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Posts Tagged ‘permaculture design’

In April this year (2010), after a few years of careful research, we bought an 8 acre block of land just outside of Geeveston in the Huon Valley, Southern Tasmania. We’d been visiting my brother and father in Tasmania for years and the idea of living there became more and more appealing. We both wanted a rural lifestyle and a milder climate than the 40 degree celsius summer days we get in Adelaide. Tom is a water person who loves big rivers and open ocean, while I love tall forests, mountains, green hills, and growing food. Many areas of Tasmania offered all this and rural land was much more affordable than in South Australia.

The beautiful Huon River

However, it took a few years to find the right area and then a few more to find the right piece of land. Luckily, I’d attended an excellent Permaculture Design Course (PDC) with Graham and Annemarie Brookman at the Food Forest in South Australia, and this helped us define what we personally wanted…

We wanted a northerly aspect to make the most of the sun – particularly important, and sometimes hard to find, in the hilly Huon Valley where Winter days are short. Our block faces North in a sort of diamond shape.

Looking down the hill to the Northern corner

We wanted decent soil and rainfall – permaculture can of course be practised anywhere and helps people to make the most of any conditions, but if you have a choice, it certainly makes life easier to have growing- friendly conditions. We have 800ml rainfall a year and room for dams. Our soil is a clay loam, just a little on the acid side which is not a negative (easily managed and increases potential nutrient uptake of plants – not to mention great for growing berries, yum!).

We also wanted to be located within a friendly community. It wasn’t until I did the PDC that I realised how important a sense of community is to me. In fact this is the main influence on our decision to settle in the Huon Valley (apart from how stunningly beautiful it is). I’d spent time in Hobart and also Wynyard with relatives, but I’d never stayed in the Huon Valley. We had ridden a motorbike along the coast once , and passed through on the way to some camping further south at Cockle Creek so we knew the area was stunningly beautiful. When I did some internet research and noticed there was a strong permaculture community, and then friends I’d done the PDC with moved there, we decided it would be a good idea for me to spend some time Wwoofing in the area (Wwoofing = Willing Workers On Organic Farms) to investigate further.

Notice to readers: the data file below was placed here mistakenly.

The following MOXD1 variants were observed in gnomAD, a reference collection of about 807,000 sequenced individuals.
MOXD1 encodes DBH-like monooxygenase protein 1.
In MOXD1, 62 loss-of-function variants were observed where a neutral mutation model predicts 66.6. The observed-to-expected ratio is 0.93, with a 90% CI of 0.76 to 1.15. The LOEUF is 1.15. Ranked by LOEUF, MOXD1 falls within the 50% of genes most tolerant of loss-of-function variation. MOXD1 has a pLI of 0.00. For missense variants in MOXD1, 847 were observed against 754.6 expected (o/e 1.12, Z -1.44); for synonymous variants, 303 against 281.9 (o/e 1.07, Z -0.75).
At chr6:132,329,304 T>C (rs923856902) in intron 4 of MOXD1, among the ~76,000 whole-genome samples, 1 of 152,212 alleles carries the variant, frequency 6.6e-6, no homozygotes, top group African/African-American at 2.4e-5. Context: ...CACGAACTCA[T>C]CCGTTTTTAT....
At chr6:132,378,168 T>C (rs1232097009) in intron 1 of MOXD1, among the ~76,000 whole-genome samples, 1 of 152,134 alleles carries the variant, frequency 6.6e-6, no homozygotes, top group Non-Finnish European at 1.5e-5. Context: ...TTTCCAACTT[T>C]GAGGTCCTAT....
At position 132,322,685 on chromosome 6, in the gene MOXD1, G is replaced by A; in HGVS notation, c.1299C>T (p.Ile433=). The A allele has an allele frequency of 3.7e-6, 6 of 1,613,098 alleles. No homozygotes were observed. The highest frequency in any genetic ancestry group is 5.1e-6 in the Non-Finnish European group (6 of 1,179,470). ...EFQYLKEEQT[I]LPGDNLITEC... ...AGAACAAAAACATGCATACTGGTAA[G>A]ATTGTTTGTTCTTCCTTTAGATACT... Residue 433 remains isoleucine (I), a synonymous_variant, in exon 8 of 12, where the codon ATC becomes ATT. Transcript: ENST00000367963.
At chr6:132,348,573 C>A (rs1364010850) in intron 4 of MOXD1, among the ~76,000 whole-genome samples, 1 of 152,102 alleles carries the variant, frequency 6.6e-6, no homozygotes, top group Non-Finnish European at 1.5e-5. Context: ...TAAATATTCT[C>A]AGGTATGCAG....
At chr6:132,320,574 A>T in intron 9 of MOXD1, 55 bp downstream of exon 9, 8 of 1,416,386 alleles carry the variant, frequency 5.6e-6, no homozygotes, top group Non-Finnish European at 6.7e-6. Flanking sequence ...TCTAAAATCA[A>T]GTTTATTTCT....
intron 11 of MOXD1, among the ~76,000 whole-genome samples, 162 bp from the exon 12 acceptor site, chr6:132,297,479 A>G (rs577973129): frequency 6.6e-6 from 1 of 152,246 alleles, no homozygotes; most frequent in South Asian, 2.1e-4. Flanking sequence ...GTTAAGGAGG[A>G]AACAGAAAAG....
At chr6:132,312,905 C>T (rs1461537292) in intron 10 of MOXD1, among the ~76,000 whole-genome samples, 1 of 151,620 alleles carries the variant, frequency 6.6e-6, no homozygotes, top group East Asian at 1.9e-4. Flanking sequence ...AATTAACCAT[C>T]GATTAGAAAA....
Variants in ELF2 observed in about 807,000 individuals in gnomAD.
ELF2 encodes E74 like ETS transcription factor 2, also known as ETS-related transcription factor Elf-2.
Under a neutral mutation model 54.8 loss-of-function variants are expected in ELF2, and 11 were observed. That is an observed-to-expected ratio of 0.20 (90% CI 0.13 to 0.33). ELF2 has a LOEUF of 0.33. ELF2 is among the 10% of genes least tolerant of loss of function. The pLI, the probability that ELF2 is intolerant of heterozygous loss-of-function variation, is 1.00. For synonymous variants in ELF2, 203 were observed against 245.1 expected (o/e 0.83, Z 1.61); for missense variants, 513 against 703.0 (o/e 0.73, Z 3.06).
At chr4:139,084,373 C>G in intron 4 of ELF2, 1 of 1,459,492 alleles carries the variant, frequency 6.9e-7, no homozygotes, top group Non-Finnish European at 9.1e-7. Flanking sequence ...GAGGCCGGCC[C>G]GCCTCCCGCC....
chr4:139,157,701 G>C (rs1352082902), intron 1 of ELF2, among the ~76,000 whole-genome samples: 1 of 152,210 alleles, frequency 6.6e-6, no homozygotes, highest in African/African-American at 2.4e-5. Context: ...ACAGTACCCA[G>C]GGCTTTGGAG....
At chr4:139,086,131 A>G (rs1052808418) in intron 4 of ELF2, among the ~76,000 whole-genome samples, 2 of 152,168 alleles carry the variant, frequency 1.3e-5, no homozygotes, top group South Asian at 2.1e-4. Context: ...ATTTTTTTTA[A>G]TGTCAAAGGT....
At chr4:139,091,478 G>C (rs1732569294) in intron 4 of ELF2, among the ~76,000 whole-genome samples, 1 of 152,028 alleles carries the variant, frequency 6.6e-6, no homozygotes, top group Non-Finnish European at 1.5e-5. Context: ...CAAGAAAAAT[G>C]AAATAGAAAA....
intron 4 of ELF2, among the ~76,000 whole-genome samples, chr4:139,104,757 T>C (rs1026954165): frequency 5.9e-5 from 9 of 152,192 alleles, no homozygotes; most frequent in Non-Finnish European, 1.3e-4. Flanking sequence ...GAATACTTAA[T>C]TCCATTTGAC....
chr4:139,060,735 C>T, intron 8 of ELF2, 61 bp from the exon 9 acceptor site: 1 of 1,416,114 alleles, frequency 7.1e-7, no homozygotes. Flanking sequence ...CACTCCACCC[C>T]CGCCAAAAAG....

I remember driving down from Wynyard in the North where I’d been visiting my father and stopping at the Huon river. I was a little early to meet my Wwoofing host so I got out of the car and sat down for a while, looking at the river. I had a sudden sense of rightness and belonging I really can’t describe. The place just grabbed me by the ankles and held on. When Tom arrived to spend some time, he felt the same way about the place.

My time spent Wwoofing in Franklin and getting involved with the local market, a quiz night, wooden boat restorers, and the Permaculture Association gatherings made me feel even more at home as I met friendly, encouraging, welcoming, like-minded people, and I knew then that it might be possible to make the challenging move away from family and friends in SA.

We realised that local knowledge is invaluable so we asked for, and received, excellent advice, such as which Real Esate agent is a bit dodgy, or whereabouts the fog is pea-soup thick in Winter.

This year during a winter visit, we were even lucky enough to meet the couple who used to own our property when it was an apple orchard. They planted very effective windbreaks with native gums and blackwood . The trees mark out a drive, and divide the block into one large rectangle with two separate paddocks on the Western side; the upper one long and narrow, the lower one wider.

The Northwestern side paddock

For our purposes I’d have preferred the windbreaks to be just around the outside edge of the property, with no separate paddocks, but we’re reluctant to take out the mature native trees and start a windbreak from scratch. On the Eastern side there’s a long windbreak of pines planted by whoever used to own the property on that side – not native, unfortunately, and with some Hawthorn we’ll eventually remove. We have power and water at the boundary.

The block has quite a slope – generally about 15 degrees all the way down to the Northern corner. There is an enormous old apple shed that is placed as if it should be on the neighbour’s property but our boundary actually extends out around the shed to include it on our property. It’s common in the valley to have these strange angles and little shapes of land that poke out from otherwise straight boundary lines, perhaps a legacy from the division of large acreages shared or sold between family members and neighbours. It’s a great shed, with Tasmanian oak flooring and walls & roof in reasonable condition, and we thought we might live in the shed for a while while we built a house on the property. However, its position means it gets no sun, water probably gathers beneath it often in Winter, and it’s only a stone’s throw from the neighbour’s house.

After some discussion we agreed that we’d take a rental property for a year, enabling us to live in comfort while we settle into the community and into new jobs. 

The next step is to design our block along permaculture principles and plan our house. We welcome ideas, input, and suggestions, so please leave a comment if you have any inspiration or hints for us.

Looking across the main paddock

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